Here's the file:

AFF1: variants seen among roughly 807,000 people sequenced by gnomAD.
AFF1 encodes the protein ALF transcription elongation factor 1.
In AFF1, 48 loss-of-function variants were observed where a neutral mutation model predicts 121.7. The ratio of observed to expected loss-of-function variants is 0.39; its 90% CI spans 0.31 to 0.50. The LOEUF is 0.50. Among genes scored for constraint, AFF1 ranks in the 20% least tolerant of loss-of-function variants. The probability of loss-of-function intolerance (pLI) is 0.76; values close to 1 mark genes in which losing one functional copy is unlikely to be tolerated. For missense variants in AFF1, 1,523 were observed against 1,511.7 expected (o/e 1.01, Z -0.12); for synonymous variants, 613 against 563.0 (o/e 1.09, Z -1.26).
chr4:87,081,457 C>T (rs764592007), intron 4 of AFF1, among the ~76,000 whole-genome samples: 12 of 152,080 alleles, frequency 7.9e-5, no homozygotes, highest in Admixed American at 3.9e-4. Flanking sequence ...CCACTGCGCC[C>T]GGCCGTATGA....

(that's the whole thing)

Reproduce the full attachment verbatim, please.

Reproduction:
AFF1: variants seen among roughly 807,000 people sequenced by gnomAD.
AFF1 encodes the protein ALF transcription elongation factor 1.
In AFF1, 48 loss-of-function variants were observed where a neutral mutation model predicts 121.7. The ratio of observed to expected loss-of-function variants is 0.39; its 90% CI spans 0.31 to 0.50. The LOEUF is 0.50. Among genes scored for constraint, AFF1 ranks in the 20% least tolerant of loss-of-function variants. The probability of loss-of-function intolerance (pLI) is 0.76; values close to 1 mark genes in which losing one functional copy is unlikely to be tolerated. For missense variants in AFF1, 1,523 were observed against 1,511.7 expected (o/e 1.01, Z -0.12); for synonymous variants, 613 against 563.0 (o/e 1.09, Z -1.26).
chr4:87,081,457 C>T (rs764592007), intron 4 of AFF1, among the ~76,000 whole-genome samples: 12 of 152,080 alleles, frequency 7.9e-5, no homozygotes, highest in Admixed American at 3.9e-4. Flanking sequence ...CCACTGCGCC[C>T]GGCCGTATGA....